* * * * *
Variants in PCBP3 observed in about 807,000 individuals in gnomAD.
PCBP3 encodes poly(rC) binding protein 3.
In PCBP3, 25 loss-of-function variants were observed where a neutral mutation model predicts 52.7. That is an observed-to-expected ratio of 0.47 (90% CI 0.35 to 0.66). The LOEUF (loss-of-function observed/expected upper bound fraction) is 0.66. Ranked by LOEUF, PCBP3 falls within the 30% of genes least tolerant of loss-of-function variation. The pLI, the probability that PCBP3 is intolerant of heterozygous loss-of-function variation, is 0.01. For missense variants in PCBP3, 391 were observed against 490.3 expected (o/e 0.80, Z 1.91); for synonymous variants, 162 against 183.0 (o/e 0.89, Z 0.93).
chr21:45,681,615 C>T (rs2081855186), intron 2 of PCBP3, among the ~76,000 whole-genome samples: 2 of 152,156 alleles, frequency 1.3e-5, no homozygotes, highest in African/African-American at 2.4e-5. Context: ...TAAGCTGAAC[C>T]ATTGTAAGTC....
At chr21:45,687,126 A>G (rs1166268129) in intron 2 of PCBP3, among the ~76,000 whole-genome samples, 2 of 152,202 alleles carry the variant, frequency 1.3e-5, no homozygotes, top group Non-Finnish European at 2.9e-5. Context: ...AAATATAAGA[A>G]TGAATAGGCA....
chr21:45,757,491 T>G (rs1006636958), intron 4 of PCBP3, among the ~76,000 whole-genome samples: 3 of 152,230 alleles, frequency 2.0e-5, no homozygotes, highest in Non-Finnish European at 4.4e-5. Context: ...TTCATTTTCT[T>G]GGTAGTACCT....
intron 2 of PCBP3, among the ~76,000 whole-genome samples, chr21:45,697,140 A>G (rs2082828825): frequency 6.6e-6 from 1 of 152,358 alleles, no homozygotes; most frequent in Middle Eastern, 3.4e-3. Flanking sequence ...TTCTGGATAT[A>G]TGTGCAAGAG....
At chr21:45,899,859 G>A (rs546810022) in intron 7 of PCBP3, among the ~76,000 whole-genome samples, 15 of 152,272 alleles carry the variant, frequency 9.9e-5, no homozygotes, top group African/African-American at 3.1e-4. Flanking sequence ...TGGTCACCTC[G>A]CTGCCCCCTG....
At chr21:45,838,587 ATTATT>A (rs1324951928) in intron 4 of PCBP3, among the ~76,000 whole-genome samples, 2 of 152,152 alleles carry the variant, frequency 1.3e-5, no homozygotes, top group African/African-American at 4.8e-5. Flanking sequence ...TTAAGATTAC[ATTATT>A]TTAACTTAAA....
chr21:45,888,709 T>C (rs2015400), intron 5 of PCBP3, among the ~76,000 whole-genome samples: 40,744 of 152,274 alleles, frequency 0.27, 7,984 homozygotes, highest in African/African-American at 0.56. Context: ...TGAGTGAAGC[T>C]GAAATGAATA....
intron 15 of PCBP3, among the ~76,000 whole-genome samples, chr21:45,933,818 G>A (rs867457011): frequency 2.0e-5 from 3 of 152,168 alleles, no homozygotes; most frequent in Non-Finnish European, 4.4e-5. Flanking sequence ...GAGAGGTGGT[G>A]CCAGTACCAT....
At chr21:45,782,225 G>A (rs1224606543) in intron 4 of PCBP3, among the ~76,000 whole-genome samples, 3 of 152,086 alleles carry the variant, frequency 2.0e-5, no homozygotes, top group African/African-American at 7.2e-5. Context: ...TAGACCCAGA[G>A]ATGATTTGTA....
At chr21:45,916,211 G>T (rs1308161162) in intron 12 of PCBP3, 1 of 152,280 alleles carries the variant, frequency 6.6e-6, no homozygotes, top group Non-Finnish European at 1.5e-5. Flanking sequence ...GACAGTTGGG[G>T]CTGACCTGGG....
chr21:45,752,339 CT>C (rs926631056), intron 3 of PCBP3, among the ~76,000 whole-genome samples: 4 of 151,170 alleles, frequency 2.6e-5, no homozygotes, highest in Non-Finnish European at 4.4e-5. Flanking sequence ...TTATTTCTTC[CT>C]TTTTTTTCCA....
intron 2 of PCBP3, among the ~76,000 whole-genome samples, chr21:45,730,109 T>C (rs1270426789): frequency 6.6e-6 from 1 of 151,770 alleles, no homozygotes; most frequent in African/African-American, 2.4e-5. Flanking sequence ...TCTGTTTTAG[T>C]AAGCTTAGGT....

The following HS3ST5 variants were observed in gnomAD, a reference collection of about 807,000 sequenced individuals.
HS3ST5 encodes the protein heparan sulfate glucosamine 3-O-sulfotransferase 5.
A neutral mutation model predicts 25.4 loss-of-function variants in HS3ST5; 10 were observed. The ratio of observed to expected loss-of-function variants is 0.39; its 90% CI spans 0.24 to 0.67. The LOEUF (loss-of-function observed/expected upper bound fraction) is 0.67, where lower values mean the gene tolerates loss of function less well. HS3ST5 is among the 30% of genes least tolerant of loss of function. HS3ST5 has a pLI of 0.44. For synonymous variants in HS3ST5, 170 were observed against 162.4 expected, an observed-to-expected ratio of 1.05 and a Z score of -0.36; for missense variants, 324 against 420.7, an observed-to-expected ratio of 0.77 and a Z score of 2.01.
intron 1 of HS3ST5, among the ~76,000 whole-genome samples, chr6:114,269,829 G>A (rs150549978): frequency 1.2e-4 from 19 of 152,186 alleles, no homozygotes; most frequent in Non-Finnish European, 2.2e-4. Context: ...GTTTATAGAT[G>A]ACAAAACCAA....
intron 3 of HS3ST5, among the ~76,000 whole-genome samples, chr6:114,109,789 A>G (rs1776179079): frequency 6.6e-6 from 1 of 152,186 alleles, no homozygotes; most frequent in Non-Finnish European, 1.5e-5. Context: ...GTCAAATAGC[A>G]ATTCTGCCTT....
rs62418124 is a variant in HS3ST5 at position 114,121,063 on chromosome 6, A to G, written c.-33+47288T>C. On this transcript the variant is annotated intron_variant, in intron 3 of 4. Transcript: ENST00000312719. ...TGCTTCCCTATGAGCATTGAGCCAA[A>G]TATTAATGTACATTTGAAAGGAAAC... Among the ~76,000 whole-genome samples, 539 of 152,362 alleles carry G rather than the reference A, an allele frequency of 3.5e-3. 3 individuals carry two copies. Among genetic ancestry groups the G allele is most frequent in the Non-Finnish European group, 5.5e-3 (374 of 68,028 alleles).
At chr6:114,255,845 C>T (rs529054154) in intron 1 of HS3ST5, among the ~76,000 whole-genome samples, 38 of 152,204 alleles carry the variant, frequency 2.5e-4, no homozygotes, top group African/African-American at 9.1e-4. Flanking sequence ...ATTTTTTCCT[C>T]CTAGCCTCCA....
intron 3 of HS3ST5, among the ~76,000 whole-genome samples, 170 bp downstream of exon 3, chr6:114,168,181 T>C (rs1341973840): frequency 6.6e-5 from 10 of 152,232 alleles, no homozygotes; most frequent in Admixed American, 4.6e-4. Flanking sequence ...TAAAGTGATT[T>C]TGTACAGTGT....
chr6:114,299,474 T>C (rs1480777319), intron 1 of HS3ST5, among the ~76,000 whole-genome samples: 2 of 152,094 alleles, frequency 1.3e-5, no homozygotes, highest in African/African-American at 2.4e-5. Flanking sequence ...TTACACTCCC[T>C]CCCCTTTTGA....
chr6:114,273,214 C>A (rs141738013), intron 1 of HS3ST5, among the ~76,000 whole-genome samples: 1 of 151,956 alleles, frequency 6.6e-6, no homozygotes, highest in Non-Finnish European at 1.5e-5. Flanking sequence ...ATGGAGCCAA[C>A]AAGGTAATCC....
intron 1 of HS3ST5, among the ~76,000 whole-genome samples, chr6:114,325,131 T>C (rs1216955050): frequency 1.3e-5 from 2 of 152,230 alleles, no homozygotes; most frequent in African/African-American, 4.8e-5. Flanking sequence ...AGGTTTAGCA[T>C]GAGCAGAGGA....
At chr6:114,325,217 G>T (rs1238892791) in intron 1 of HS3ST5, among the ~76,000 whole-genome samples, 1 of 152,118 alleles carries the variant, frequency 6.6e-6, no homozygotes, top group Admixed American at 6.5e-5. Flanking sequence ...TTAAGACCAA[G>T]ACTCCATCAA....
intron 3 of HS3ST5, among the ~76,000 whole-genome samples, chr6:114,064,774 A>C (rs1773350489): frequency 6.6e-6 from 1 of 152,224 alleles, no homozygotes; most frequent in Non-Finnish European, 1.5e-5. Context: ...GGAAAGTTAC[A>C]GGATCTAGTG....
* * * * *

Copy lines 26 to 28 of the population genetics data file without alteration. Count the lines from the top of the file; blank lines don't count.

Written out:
intron 1 of HS3ST5, among the ~76,000 whole-genome samples, chr6:114,325,131 T>C (rs1216955050): frequency 1.3e-5 from 2 of 152,230 alleles, no homozygotes; most frequent in African/African-American, 4.8e-5. Flanking sequence ...AGGTTTAGCA[T>C]GAGCAGAGGA....
At chr6:114,325,217 G>T (rs1238892791) in intron 1 of HS3ST5, among the ~76,000 whole-genome samples, 1 of 152,118 alleles carries the variant, frequency 6.6e-6, no homozygotes, top group Admixed American at 6.5e-5. Flanking sequence ...TTAAGACCAA[G>T]ACTCCATCAA....
intron 3 of HS3ST5, among the ~76,000 whole-genome samples, chr6:114,064,774 A>C (rs1773350489): frequency 6.6e-6 from 1 of 152,224 alleles, no homozygotes; most frequent in Non-Finnish European, 1.5e-5. Context: ...GGAAAGTTAC[A>C]GGATCTAGTG....